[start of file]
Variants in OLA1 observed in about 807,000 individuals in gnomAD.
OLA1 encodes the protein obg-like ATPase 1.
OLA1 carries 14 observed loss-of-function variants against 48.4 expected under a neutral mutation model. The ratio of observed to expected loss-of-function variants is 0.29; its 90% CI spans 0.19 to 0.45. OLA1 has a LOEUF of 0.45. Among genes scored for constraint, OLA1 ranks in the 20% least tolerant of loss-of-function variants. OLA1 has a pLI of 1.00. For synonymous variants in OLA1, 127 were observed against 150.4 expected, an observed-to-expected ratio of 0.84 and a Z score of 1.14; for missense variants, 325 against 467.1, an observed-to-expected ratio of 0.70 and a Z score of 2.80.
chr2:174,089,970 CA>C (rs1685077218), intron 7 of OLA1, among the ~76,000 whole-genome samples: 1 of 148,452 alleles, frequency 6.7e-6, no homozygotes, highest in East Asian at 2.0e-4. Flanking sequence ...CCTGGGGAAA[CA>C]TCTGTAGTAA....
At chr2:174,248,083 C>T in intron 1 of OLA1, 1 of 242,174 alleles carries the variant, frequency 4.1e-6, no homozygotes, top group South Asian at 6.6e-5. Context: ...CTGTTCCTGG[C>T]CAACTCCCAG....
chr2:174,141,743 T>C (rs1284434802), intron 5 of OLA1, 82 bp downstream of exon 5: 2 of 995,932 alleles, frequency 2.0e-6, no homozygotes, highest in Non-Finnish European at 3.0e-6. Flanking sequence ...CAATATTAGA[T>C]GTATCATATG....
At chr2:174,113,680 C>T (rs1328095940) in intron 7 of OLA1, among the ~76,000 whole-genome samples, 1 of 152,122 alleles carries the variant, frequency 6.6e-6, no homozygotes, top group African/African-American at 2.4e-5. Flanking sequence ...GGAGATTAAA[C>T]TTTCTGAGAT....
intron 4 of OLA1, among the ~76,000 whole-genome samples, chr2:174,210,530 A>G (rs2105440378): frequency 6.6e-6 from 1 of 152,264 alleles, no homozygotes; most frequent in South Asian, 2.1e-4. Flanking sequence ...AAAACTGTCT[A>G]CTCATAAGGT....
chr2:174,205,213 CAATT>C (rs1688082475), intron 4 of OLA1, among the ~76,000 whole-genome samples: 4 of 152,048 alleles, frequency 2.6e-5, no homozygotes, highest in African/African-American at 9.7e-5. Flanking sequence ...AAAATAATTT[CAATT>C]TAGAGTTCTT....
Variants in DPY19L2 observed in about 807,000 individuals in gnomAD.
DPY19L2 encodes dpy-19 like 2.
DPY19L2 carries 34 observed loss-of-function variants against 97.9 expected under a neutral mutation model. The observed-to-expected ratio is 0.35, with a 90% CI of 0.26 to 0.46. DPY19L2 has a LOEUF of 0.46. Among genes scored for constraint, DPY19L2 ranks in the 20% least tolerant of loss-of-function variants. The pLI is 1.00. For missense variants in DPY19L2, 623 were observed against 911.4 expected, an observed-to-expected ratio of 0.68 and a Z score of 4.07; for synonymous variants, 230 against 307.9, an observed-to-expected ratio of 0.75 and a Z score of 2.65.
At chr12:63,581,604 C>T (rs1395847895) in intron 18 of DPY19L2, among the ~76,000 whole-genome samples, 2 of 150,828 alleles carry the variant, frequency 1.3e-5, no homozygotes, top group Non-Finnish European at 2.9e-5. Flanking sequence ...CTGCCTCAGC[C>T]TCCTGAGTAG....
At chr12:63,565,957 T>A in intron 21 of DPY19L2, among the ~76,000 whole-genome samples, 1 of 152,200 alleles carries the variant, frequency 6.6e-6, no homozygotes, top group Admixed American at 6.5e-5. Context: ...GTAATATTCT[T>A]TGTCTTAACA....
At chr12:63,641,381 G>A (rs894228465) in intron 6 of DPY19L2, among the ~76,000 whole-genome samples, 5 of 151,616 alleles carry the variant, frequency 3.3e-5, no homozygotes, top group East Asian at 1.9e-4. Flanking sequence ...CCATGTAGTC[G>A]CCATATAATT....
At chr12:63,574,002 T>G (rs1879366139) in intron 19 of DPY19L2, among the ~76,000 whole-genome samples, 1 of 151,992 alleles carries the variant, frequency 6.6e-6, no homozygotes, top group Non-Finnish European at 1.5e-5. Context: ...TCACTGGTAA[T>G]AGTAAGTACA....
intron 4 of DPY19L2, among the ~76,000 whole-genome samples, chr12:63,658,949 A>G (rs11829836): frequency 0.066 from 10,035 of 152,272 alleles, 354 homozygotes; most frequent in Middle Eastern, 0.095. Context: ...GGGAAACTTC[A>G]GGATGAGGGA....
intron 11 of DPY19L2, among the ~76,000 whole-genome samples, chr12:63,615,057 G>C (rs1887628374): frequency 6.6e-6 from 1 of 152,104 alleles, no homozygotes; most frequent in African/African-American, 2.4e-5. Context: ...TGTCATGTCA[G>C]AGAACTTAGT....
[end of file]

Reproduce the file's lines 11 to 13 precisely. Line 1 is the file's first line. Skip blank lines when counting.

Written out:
DPY19L2 encodes dpy-19 like 2.
DPY19L2 carries 34 observed loss-of-function variants against 97.9 expected under a neutral mutation model. The observed-to-expected ratio is 0.35, with a 90% CI of 0.26 to 0.46. DPY19L2 has a LOEUF of 0.46. Among genes scored for constraint, DPY19L2 ranks in the 20% least tolerant of loss-of-function variants. The pLI is 1.00. For missense variants in DPY19L2, 623 were observed against 911.4 expected, an observed-to-expected ratio of 0.68 and a Z score of 4.07; for synonymous variants, 230 against 307.9, an observed-to-expected ratio of 0.75 and a Z score of 2.65.
At chr12:63,581,604 C>T (rs1395847895) in intron 18 of DPY19L2, among the ~76,000 whole-genome samples, 2 of 150,828 alleles carry the variant, frequency 1.3e-5, no homozygotes, top group Non-Finnish European at 2.9e-5. Flanking sequence ...CTGCCTCAGC[C>T]TCCTGAGTAG....